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Speaker cables don't have sound of their own. It is the interaction between power amp, speak cable, and the speaker that determine the final result. A speaker cable can sound warm in one system but sound completely the opposite in another system. Please don't spend the money without trying them in your own system first.
Actually, I disagree with Sidssp in that all speaker cables, interconnects, and power cords have many properties and electrical characteristics that can be easily measured and don't change very much over time. They all have a certain resistance, capacitance, and inductance, some are shielded, some aren't, they use different metals, solder, connectors, and dielectrics, not to mention they can be wound a myriad of ways. All these factors and more contribute to give different cables their own distinct characteristics.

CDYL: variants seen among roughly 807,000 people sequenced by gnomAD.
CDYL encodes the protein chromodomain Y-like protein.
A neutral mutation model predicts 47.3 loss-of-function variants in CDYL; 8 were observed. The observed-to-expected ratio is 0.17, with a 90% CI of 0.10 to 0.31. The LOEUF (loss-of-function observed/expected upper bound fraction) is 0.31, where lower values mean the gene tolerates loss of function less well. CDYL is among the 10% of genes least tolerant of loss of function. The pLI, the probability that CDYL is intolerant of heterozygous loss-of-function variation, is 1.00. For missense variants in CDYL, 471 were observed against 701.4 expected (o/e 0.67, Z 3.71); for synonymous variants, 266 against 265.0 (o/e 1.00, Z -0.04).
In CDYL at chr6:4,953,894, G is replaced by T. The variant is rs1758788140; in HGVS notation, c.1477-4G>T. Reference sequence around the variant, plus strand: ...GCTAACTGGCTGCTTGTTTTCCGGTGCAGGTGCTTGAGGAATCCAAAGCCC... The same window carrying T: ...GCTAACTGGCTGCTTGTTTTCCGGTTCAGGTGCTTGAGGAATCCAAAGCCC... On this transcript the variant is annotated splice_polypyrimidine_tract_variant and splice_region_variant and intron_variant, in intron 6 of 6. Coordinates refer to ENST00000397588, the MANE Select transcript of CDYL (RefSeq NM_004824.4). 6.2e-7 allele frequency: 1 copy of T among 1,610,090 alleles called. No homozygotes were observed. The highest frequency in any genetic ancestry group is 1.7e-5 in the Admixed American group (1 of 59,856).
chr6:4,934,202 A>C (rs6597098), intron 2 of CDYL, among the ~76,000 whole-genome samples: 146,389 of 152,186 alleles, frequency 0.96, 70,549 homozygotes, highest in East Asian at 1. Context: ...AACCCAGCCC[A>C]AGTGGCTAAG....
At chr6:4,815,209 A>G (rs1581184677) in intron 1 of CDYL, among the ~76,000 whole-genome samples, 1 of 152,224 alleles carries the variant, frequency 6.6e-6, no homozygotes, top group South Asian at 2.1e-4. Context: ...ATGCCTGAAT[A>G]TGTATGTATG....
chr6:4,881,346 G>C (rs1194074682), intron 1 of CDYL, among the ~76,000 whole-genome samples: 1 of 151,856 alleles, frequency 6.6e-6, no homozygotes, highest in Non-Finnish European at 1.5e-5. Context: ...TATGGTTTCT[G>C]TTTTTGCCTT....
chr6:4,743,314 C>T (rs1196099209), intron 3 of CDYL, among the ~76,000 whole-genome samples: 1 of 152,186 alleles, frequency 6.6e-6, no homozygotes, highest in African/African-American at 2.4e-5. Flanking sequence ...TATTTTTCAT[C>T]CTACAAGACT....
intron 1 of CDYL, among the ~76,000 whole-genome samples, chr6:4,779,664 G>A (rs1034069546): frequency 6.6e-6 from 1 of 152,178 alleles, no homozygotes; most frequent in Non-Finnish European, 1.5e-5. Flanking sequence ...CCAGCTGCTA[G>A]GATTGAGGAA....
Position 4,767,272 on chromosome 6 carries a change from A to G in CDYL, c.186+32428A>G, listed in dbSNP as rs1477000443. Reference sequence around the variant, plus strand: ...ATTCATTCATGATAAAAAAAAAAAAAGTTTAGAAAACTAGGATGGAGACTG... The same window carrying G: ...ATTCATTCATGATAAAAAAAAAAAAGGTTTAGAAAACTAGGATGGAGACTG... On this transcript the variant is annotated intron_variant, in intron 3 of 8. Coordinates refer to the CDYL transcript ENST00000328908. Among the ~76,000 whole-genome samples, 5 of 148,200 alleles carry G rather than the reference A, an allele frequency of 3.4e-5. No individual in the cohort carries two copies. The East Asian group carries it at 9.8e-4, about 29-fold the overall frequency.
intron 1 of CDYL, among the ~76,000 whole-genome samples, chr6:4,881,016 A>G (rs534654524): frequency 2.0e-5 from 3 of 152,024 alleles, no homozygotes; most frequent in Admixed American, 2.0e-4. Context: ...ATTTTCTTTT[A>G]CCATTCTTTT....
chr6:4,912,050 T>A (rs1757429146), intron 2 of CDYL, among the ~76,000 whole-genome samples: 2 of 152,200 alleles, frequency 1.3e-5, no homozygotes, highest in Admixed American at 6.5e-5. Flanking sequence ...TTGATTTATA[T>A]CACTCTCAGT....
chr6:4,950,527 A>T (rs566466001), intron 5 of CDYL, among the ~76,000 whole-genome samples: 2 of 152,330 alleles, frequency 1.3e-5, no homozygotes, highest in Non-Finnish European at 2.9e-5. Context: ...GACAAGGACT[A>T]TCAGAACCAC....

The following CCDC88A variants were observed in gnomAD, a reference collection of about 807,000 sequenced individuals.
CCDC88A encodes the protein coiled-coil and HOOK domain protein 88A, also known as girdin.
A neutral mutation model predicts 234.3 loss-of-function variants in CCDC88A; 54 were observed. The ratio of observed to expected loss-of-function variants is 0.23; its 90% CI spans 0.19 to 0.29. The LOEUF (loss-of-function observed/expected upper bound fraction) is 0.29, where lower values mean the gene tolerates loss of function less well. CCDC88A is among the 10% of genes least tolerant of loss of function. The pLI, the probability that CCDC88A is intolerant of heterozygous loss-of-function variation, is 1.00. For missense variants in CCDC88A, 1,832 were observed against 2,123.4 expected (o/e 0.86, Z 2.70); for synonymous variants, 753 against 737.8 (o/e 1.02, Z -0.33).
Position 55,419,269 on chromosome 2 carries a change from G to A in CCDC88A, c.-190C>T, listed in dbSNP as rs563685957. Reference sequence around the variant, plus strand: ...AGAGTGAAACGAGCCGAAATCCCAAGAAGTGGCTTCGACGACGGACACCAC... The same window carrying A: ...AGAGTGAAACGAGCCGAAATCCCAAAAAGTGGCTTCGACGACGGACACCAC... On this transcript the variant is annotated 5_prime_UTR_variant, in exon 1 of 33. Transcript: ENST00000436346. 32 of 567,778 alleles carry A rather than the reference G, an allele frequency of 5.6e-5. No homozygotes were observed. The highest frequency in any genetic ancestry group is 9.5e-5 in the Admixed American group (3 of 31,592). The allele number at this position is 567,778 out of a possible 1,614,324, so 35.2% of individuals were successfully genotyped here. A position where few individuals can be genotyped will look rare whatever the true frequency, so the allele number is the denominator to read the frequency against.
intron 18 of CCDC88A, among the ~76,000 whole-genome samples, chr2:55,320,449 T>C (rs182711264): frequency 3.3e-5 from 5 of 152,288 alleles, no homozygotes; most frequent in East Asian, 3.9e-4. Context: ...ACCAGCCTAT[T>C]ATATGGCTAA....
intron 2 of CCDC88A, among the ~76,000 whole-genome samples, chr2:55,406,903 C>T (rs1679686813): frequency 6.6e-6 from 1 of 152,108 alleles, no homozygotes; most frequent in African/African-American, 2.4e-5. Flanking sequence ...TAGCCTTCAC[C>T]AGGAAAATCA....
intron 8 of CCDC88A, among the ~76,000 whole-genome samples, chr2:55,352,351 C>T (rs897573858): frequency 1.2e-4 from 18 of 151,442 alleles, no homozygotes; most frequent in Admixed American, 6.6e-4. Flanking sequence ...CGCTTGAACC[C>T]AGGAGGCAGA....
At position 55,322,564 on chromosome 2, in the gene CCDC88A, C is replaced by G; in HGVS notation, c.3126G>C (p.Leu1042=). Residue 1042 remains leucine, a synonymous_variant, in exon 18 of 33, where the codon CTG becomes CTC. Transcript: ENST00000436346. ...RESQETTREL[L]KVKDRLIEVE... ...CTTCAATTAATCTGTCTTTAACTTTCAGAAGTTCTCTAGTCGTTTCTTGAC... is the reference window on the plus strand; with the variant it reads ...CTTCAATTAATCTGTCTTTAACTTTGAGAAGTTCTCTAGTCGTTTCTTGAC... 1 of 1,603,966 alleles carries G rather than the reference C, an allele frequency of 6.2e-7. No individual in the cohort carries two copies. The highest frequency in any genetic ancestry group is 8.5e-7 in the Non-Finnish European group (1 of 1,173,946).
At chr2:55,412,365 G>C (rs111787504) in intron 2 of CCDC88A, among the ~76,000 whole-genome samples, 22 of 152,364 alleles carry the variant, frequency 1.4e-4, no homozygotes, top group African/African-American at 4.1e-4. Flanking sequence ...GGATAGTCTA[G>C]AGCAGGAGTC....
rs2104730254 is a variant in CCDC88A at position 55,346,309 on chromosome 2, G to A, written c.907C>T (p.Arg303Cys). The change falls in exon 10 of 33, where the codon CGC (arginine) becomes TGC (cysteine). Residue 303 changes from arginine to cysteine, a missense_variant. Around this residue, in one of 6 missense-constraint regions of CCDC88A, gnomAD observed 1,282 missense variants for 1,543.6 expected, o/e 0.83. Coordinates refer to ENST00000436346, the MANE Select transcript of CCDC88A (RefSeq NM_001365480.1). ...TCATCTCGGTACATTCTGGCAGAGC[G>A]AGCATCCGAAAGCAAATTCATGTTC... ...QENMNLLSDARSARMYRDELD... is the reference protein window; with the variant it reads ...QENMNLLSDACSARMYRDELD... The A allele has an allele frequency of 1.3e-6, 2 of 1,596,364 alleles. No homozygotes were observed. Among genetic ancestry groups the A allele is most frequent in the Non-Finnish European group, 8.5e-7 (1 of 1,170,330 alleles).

If cable A sounds "brighter" than cable B in one system, then the chances are highly likely that you'll hear the same repeatable result in other systems (especially if you keep the other associated interconnects and power cords the same from system to system).
None of the cable's physical or electrical properties change when you put it in another system. Only the system changes, therefore, the cable itself sounds the same.
As a matter of fact, my Magnepan system has been sounding a bit bright since I made some recent power cord and interconnect changes... So I'm going to put in some warmer, less-bright copper speaker cables to see if that tones things down a bit. I'd be very surprised if it didn't. Cheers!